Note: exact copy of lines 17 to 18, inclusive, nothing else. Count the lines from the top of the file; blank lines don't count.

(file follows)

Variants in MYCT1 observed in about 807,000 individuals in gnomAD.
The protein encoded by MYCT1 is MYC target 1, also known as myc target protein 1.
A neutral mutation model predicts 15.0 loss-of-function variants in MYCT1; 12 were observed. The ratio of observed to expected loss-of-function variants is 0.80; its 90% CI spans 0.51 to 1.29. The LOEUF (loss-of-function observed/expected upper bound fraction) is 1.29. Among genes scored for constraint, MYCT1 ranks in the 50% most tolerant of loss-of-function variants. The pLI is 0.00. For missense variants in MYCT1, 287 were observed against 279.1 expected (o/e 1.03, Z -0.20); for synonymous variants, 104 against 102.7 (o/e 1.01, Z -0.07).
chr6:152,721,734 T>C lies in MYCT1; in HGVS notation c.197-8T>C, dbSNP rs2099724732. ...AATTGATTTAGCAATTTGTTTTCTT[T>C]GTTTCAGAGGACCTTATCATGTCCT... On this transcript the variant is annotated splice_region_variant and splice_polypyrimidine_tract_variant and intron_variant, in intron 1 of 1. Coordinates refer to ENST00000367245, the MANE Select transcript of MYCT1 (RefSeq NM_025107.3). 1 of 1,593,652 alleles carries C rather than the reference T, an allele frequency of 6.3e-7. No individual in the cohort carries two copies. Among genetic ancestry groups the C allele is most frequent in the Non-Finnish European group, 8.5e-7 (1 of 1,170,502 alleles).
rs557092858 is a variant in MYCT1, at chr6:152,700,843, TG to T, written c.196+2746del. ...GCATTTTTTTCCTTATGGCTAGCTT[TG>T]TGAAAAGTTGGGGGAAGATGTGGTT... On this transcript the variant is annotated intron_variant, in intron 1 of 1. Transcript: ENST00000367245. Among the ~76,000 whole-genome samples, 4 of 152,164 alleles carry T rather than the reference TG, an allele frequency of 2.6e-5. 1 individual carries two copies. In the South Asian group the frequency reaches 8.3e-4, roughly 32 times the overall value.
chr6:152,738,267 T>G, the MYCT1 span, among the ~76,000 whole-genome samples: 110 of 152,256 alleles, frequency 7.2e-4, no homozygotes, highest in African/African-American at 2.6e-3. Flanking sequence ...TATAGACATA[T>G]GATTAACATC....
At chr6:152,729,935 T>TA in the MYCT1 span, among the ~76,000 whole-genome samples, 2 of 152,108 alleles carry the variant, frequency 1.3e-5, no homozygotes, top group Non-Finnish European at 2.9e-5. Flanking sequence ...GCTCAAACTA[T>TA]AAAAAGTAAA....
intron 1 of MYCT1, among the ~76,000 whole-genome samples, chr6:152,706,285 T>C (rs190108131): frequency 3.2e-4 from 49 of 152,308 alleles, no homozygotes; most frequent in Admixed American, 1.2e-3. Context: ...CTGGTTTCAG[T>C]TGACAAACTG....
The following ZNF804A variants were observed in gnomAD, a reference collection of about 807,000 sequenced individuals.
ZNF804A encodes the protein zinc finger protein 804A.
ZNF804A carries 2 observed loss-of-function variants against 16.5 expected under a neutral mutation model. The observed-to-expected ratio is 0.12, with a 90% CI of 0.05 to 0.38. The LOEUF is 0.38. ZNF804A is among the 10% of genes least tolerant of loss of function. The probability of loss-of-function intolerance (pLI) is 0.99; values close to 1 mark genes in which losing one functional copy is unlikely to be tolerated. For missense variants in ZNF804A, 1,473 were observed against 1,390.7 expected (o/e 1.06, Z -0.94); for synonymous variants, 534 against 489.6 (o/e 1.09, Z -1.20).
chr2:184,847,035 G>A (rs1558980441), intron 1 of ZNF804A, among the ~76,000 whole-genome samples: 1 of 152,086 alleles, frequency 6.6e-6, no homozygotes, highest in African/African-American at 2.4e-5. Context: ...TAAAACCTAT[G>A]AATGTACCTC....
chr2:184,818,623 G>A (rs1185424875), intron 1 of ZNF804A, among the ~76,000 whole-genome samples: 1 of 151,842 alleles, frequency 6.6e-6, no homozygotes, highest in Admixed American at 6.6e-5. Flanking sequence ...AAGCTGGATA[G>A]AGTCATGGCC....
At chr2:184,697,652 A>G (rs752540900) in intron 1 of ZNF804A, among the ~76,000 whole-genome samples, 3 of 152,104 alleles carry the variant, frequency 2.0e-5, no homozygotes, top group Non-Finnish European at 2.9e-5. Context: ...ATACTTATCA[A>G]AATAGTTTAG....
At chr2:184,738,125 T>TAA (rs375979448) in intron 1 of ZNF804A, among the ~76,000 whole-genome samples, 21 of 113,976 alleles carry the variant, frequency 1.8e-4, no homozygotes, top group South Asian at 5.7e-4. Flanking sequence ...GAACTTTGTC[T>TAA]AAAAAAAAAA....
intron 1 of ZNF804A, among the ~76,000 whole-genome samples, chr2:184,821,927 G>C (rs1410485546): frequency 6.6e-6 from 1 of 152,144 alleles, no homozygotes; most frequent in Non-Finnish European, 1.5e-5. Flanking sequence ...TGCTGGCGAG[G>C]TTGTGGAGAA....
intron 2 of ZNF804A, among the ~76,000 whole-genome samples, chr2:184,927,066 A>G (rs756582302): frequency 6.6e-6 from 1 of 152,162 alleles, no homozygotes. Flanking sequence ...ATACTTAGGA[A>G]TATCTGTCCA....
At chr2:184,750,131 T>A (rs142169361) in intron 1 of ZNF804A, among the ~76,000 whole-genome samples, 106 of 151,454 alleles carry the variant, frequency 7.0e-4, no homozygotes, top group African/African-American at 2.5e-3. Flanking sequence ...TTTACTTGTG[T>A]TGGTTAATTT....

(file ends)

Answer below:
intron 2 of ZNF804A, among the ~76,000 whole-genome samples, chr2:184,927,066 A>G (rs756582302): frequency 6.6e-6 from 1 of 152,162 alleles, no homozygotes. Flanking sequence ...ATACTTAGGA[A>G]TATCTGTCCA....
At chr2:184,750,131 T>A (rs142169361) in intron 1 of ZNF804A, among the ~76,000 whole-genome samples, 106 of 151,454 alleles carry the variant, frequency 7.0e-4, no homozygotes, top group African/African-American at 2.5e-3. Flanking sequence ...TTTACTTGTG[T>A]TGGTTAATTT....